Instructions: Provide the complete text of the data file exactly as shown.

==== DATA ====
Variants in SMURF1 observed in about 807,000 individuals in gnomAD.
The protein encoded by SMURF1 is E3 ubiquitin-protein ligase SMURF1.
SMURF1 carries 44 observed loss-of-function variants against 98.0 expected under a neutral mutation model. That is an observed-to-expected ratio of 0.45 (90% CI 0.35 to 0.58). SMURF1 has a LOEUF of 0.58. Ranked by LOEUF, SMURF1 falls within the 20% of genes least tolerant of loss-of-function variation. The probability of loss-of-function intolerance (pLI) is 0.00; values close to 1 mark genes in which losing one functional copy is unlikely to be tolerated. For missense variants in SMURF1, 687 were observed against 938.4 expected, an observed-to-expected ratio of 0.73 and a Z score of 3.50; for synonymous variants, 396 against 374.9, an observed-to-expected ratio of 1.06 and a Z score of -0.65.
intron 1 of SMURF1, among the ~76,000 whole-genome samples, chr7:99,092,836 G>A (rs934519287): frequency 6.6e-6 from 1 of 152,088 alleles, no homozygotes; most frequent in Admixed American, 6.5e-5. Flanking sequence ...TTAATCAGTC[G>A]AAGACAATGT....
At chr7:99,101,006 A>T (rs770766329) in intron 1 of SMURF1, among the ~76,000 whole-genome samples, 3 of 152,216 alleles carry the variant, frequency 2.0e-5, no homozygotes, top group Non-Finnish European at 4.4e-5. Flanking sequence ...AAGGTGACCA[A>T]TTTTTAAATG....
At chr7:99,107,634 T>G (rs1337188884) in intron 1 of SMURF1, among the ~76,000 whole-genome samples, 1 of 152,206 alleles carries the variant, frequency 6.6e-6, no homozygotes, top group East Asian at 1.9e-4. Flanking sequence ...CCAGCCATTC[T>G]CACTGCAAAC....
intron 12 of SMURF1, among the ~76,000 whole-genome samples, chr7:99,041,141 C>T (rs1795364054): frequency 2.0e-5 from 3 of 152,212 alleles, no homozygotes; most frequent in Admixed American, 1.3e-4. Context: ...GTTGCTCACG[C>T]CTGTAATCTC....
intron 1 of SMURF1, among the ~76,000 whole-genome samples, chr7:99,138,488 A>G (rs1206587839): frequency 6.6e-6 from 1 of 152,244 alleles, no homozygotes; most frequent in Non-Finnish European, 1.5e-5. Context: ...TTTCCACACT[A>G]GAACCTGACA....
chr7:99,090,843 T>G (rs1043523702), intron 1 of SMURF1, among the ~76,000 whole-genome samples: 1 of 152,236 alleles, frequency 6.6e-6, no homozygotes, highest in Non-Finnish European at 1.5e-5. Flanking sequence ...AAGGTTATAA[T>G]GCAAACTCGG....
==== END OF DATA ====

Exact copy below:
Variants in SMURF1 observed in about 807,000 individuals in gnomAD.
The protein encoded by SMURF1 is E3 ubiquitin-protein ligase SMURF1.
SMURF1 carries 44 observed loss-of-function variants against 98.0 expected under a neutral mutation model. That is an observed-to-expected ratio of 0.45 (90% CI 0.35 to 0.58). SMURF1 has a LOEUF of 0.58. Ranked by LOEUF, SMURF1 falls within the 20% of genes least tolerant of loss-of-function variation. The probability of loss-of-function intolerance (pLI) is 0.00; values close to 1 mark genes in which losing one functional copy is unlikely to be tolerated. For missense variants in SMURF1, 687 were observed against 938.4 expected, an observed-to-expected ratio of 0.73 and a Z score of 3.50; for synonymous variants, 396 against 374.9, an observed-to-expected ratio of 1.06 and a Z score of -0.65.
intron 1 of SMURF1, among the ~76,000 whole-genome samples, chr7:99,092,836 G>A (rs934519287): frequency 6.6e-6 from 1 of 152,088 alleles, no homozygotes; most frequent in Admixed American, 6.5e-5. Flanking sequence ...TTAATCAGTC[G>A]AAGACAATGT....
At chr7:99,101,006 A>T (rs770766329) in intron 1 of SMURF1, among the ~76,000 whole-genome samples, 3 of 152,216 alleles carry the variant, frequency 2.0e-5, no homozygotes, top group Non-Finnish European at 4.4e-5. Flanking sequence ...AAGGTGACCA[A>T]TTTTTAAATG....
At chr7:99,107,634 T>G (rs1337188884) in intron 1 of SMURF1, among the ~76,000 whole-genome samples, 1 of 152,206 alleles carries the variant, frequency 6.6e-6, no homozygotes, top group East Asian at 1.9e-4. Flanking sequence ...CCAGCCATTC[T>G]CACTGCAAAC....
intron 12 of SMURF1, among the ~76,000 whole-genome samples, chr7:99,041,141 C>T (rs1795364054): frequency 2.0e-5 from 3 of 152,212 alleles, no homozygotes; most frequent in Admixed American, 1.3e-4. Context: ...GTTGCTCACG[C>T]CTGTAATCTC....
intron 1 of SMURF1, among the ~76,000 whole-genome samples, chr7:99,138,488 A>G (rs1206587839): frequency 6.6e-6 from 1 of 152,244 alleles, no homozygotes; most frequent in Non-Finnish European, 1.5e-5. Context: ...TTTCCACACT[A>G]GAACCTGACA....
chr7:99,090,843 T>G (rs1043523702), intron 1 of SMURF1, among the ~76,000 whole-genome samples: 1 of 152,236 alleles, frequency 6.6e-6, no homozygotes, highest in Non-Finnish European at 1.5e-5. Flanking sequence ...AAGGTTATAA[T>G]GCAAACTCGG....